‘A Mystic Place’

Photographer Marco Pighin tells the story behind a great picture from Siberia

By / July 2013

Photograph by Marco PighinLake Baikal, Siberia. Photograph by Marco Pighin

The bus wandered into a distant part of central Siberia some miles from home, and I quickly lost interest in the name of the road or even our next destination. My affection had been touched by kindly, eupeptic influences of the Buryatia region rushing past the thin pane glass. I stood up and grabbed my bag from overhead, and with an earnestness that no doubt drew curious looks from other passengers, I approached the driver and asked in my still burgeoning Russian if he could stop and drop me off.

There was little alarm from the man as he eased his lumbering vehicle to rest on a lonely stretch of highway and opened the doors for me to step out into the sun-drenched landscape.

Some people encounter terror when faced with a place they have never known, but even in the middle of nowhere, walking away from a non-designated stop, I was possessed with intent and energy, especially as I approached a small village of Oymur in need of a home willing to invite me in as a guest. This is my usual way of pursuing photography projects in this expansive chunk of earth. I’m not interested in hotels or even a budget.

Marco Pighin

I like close encounters and new friendships that allow me to photograph the intimacy and communal nature of life here. On this occasion, a fisherman, his wife, and five children hosted me for 10 days while I waited to photograph a baptism service on the beautiful Lake Baikal, one of the biggest freshwater reserves in the world. I learned about the baptism from Dima early in my stay and knew it was exactly the sort of thing that would justify my random stop.

The afternoon of the baptism arrived with a chatty wind, which sent shudders across the lake. I remember how a crowd of about 50, mostly old people, carried about freely, giving and taking in the pleasantries of friendship. Some had cameras, pointing them toward the lake or a group of relatives. It wasn’t a serious and somber occurrence like the Catholic baptisms from my childhood in Italy. There was even a moment during the baptism ceremony when laughter was tossed alongside the reverence because one older gentleman swallowed some water and started coughing. It pulsated with warmth and life, but it also pulled us toward something bigger and harder to touch.

I think that’s why I like the photograph of the priest tightroping out onto a small wooden pier to pray. The characters in the foreground show just how common and human the moment was, but nearby there is a movement into something that’s seemingly endless and indefinite. It is as Russian writer Valentin Rasputin said of his time at Lake Baikal, one stands there and looks around and “is filled with something and carried off somewhere, and can’t understand what’s happening to him.”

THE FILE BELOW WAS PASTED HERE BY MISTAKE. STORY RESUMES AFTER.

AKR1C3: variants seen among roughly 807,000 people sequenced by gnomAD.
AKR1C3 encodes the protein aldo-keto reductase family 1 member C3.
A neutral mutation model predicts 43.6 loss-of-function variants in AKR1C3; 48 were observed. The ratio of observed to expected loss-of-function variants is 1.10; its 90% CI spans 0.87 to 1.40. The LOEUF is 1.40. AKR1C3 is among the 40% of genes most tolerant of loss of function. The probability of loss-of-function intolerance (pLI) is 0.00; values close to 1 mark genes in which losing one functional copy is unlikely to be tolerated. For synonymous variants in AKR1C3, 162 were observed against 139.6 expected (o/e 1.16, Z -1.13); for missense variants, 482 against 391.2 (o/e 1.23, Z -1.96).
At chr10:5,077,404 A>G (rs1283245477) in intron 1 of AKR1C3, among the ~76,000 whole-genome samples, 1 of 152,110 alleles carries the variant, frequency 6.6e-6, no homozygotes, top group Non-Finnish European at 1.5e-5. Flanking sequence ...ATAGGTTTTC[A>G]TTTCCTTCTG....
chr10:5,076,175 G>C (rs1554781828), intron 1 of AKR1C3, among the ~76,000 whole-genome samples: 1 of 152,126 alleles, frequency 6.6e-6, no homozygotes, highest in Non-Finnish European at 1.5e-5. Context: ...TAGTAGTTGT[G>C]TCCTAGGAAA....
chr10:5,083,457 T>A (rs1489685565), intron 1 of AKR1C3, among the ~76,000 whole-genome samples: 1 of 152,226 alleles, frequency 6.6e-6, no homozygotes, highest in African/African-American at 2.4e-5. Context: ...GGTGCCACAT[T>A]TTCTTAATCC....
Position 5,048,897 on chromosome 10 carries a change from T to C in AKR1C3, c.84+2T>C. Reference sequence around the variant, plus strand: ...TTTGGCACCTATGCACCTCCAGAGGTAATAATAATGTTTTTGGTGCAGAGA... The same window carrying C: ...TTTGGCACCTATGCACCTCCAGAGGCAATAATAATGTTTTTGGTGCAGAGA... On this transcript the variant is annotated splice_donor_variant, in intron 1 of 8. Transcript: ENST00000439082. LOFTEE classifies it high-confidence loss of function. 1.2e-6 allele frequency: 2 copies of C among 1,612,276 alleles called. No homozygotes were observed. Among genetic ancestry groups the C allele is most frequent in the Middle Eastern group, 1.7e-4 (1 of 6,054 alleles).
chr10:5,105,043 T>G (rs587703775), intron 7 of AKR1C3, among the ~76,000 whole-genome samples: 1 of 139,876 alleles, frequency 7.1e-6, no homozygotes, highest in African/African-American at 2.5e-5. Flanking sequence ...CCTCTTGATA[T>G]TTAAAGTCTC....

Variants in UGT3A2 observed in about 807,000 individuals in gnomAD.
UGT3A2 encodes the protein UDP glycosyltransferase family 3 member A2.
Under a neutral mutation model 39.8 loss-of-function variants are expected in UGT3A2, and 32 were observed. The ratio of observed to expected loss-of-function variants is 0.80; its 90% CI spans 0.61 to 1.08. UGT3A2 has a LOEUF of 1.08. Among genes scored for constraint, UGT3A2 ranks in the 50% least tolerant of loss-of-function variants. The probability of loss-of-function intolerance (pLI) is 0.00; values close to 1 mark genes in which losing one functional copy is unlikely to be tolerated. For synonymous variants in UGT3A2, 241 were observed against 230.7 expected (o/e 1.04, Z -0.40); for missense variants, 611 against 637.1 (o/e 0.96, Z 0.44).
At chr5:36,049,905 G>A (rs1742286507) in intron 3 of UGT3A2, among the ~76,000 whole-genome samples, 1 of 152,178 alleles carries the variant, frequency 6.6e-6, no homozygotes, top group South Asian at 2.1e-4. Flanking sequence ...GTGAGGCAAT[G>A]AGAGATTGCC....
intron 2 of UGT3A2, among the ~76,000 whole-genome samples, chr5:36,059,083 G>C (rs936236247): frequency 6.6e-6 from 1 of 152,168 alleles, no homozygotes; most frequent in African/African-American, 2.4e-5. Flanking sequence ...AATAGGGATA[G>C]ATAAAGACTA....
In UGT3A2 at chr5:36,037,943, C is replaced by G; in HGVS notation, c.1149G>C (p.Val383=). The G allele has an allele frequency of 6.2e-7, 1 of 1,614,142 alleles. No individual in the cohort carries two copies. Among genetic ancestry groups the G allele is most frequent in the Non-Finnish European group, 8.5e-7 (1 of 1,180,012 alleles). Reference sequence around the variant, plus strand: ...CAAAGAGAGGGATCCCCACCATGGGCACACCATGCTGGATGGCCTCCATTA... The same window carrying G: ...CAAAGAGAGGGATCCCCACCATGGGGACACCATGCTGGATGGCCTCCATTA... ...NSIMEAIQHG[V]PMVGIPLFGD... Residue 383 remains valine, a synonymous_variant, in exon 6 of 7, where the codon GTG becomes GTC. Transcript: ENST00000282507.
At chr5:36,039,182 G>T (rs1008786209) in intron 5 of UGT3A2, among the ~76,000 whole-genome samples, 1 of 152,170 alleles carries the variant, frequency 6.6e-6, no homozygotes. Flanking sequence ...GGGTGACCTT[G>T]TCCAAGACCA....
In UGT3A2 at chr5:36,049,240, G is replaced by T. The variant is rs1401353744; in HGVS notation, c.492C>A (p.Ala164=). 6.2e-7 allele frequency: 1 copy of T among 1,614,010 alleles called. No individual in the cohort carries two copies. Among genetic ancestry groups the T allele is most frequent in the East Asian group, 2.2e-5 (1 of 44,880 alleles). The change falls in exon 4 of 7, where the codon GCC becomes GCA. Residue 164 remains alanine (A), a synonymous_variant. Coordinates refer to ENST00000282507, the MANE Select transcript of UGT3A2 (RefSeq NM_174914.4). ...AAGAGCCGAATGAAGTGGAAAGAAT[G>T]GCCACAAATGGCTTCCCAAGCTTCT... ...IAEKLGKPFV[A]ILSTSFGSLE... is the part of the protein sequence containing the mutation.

Photography is almost spiritual research for me. Since 2008, I’ve been doing a long-term project on Siberia, one of the most unknown places on the planet. I mean, how would you describe Siberia? Comments about the cold weather and strong-willed people are typical from Westerners. But these simplistic descriptions are not fitting to what I’ve encountered in this vast expanse. It’s a mystic place. You’re confronted with the infinite, with your destiny. It comes as no surprise then that Russia has produced great writers like Tolstoy or Dostoyevsky. It takes a more than few pages to describe what you encounter.

That’s why I’ve made my home here with my wife. After several experiences documenting life in several former Communist countries, I fell in love with how the Russian soul emerges Siberia. You can find the real Russian people, those not touched by the modern world, those who would give you the coat off their back, those I could not know from just an occasional visit. So we moved into a small settlement of about 800 people called Petropavlovka, which brushes against the gentle current of the Kasir River and is hemmed in by the Sayan Mountains.

We live in a little wooden house. We have a cow. I chop wood and tend to the garden. I’ve put my hands and feet alongside theirs, and what I’ve found is this place is taking hold of me in much the same way love takes hold of a young man. I know, even in her eventual absence, it is going to be hard to get figure out of my mind.

 

Marco Pighin, 39, is a photographer who lives in a small wooden house in the heart of Siberian Taiga. You can view more of his work here.

 

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